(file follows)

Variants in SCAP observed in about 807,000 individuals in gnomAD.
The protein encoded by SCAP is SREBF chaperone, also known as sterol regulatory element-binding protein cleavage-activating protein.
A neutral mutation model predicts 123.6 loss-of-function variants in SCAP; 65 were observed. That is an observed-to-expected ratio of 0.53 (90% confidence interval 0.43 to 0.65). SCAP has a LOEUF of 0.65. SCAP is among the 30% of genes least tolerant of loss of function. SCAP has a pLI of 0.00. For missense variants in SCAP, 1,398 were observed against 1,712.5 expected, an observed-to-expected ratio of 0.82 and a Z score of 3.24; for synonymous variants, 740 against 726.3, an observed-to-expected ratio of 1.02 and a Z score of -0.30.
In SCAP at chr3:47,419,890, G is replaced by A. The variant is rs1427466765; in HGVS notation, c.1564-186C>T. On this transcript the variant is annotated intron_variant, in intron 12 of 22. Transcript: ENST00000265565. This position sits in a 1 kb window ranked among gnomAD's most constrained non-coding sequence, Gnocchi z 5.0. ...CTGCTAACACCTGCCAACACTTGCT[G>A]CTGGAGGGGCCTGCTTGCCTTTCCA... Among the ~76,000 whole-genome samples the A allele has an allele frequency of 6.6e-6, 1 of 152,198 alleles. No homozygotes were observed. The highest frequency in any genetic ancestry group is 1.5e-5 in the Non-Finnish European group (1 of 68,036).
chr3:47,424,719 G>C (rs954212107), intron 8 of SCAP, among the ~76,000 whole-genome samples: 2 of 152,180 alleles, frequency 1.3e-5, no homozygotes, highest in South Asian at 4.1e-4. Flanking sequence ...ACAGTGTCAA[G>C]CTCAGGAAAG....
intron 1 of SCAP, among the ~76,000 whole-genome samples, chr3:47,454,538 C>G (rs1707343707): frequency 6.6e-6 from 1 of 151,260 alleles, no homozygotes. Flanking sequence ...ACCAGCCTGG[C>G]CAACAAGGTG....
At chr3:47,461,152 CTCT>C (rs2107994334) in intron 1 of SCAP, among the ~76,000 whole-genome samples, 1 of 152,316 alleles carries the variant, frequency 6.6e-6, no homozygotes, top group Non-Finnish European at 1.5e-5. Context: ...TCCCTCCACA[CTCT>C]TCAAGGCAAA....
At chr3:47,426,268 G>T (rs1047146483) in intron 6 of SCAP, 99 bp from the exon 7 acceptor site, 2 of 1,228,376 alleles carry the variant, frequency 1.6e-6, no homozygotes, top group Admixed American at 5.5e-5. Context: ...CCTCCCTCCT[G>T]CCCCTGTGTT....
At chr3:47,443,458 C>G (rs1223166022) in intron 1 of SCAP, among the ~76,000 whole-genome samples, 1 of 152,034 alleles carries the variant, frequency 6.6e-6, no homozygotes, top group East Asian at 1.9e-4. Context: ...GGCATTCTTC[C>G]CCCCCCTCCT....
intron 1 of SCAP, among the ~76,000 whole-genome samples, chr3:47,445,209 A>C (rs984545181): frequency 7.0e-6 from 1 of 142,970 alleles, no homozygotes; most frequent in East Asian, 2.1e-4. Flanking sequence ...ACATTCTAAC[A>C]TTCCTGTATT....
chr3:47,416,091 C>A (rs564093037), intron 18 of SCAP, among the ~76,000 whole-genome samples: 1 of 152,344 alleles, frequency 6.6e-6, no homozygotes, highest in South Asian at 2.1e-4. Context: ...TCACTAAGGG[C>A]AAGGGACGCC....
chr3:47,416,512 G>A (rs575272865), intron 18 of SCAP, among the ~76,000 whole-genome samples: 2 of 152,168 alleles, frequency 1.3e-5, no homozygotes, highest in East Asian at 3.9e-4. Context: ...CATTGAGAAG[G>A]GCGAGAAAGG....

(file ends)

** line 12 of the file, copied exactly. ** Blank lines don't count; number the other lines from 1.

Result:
chr3:47,416,512 G>A (rs575272865), intron 18 of SCAP, among the ~76,000 whole-genome samples: 2 of 152,168 alleles, frequency 1.3e-5, no homozygotes, highest in East Asian at 3.9e-4. Context: ...CATTGAGAAG[G>A]GCGAGAAAGG....